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THE powerful Australian Workers Union has backed the controversial east-west road tunnel project and says it will push a future state Labor government to support it.
Cesar Melhem, the secretary of the AWU's Victorian branch, told The Age it would be crazy if the project did not go ahead and his view was simply that it had to be built.
Victorian Labor opposes the section of the proposed east-west tunnel stretching from the end of the Eastern Freeway to CityLink and running underneath Royal Park and surrounding inner-city suburbs.
But it supports construction of a road tunnel in Melbourne's west to create a second river crossing and connection to the port to alleviate traffic on the Westgate Freeway. It also backs works on Hoddle Street to ease traffic flows coming off the Eastern Freeway.
''It is just crazy not to go ahead with the [east-west] project,'' Mr Melhem said.
''We are not going to live without roads and cars. We definitely need more investment in public transport infrastructure from both Labor and the Coalition, but we can't do without road investment.''
Mr Melhem said his support for the east-west project was not just about generating work for his members, but that if Victoria was serious about a manufacturing industry it would be important to help transport goods around the city.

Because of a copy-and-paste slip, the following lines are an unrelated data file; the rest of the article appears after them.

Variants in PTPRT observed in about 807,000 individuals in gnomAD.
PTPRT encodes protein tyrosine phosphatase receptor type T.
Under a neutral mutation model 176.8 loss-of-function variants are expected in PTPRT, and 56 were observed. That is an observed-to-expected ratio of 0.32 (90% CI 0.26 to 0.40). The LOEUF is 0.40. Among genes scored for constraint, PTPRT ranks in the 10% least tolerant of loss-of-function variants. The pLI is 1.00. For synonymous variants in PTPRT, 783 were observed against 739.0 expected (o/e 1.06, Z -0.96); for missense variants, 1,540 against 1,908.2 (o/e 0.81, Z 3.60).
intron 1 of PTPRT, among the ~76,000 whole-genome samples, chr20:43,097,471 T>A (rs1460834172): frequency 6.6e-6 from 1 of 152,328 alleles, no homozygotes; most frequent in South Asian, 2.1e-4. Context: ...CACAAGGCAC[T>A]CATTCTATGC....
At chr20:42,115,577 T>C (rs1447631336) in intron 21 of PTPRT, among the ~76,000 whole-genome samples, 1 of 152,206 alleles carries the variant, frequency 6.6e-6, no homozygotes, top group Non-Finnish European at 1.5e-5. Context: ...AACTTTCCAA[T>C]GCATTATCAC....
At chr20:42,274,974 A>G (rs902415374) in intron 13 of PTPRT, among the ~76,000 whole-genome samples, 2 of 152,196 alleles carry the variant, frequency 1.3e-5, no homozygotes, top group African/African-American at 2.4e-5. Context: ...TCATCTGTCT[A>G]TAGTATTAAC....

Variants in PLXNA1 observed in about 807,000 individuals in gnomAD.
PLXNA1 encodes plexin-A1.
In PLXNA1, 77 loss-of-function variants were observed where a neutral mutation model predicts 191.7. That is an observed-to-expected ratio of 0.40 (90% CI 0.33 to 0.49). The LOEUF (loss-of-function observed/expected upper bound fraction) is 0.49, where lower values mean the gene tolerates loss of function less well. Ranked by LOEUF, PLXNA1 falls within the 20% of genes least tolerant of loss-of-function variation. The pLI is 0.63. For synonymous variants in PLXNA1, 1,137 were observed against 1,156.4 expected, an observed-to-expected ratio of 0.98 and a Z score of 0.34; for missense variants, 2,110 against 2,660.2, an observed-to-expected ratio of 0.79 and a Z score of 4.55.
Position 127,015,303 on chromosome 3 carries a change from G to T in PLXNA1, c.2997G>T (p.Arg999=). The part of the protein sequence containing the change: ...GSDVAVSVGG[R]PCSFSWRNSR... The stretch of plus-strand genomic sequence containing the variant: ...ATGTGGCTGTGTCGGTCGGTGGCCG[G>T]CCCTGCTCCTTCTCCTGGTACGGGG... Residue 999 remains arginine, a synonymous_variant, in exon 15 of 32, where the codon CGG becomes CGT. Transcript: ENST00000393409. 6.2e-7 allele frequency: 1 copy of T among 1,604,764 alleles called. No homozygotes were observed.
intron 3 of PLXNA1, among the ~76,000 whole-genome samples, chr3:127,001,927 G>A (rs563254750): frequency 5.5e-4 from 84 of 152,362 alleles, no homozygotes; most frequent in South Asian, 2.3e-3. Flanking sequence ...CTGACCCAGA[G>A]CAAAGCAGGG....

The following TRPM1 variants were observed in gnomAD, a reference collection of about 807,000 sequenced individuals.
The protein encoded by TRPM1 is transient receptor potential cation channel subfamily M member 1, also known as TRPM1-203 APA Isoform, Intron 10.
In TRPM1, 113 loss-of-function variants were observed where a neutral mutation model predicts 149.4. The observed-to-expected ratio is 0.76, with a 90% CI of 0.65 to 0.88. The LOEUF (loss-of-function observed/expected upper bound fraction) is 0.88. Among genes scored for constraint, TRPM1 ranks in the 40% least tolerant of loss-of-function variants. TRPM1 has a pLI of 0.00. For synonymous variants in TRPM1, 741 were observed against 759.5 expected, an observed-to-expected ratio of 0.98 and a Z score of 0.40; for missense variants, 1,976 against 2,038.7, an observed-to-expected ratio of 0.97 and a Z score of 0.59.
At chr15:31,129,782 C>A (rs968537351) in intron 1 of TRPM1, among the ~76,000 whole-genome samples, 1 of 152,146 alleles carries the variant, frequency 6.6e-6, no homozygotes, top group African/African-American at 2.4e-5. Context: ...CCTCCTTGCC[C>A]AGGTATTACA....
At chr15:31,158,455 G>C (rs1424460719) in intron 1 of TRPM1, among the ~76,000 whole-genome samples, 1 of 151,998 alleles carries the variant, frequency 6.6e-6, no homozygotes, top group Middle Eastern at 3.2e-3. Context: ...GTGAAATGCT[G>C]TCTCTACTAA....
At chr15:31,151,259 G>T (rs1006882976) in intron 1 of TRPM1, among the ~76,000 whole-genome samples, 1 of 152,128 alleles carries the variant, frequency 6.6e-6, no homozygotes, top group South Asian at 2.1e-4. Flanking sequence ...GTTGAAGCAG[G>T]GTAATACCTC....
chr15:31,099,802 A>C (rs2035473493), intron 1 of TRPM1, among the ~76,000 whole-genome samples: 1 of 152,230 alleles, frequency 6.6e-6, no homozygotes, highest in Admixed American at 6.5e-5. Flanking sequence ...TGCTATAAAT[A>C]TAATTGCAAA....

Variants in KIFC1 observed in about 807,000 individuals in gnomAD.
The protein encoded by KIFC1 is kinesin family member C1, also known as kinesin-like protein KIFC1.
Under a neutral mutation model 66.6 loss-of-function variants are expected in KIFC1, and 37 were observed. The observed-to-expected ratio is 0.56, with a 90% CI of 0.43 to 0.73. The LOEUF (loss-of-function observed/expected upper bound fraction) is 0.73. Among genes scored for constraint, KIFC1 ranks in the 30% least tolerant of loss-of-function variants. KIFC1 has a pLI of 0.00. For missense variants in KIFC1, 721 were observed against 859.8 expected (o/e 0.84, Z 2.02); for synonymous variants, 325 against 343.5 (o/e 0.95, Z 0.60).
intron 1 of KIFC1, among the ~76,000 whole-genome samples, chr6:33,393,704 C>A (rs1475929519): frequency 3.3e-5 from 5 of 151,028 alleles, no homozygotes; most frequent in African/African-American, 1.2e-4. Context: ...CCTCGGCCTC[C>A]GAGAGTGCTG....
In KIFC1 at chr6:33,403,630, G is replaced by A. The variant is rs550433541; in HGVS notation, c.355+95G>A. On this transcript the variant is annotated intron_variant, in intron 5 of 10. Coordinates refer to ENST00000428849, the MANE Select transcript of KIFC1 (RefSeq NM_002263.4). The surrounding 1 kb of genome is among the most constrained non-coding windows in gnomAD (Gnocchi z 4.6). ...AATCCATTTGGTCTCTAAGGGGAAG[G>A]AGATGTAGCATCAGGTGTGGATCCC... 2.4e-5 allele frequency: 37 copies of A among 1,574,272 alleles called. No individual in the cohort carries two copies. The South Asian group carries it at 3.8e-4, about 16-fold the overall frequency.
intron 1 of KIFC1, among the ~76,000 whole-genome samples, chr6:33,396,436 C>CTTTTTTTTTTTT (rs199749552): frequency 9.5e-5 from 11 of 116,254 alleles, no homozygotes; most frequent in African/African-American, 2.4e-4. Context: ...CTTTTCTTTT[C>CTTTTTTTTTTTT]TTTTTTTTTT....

''The AWU will campaign heavily to make sure a future Labor government goes ahead with it,'' Mr Melhem said.
The project featured prominently in the recent state Melbourne byelection - the tunnel would run under much of the electorate - won by Labor in a come-from-behind victory over the Greens.
Local residents fear tolls, increased traffic and the impact on parkland and nearby suburbs. Mr Melhem said one electorate could not determine the best interests of the whole state.
Labor major projects spokesman Tim Pallas said the party would just have to agree to disagree with Mr Melhem. He said the multibillion-dollar tunnel did not stack up and would not solve the problems at the end of the Eastern Freeway. He said most traffic wanted to turn south-east rather than travel west, and that is where efforts should be placed.
This article first appeared on www.theage.com.au
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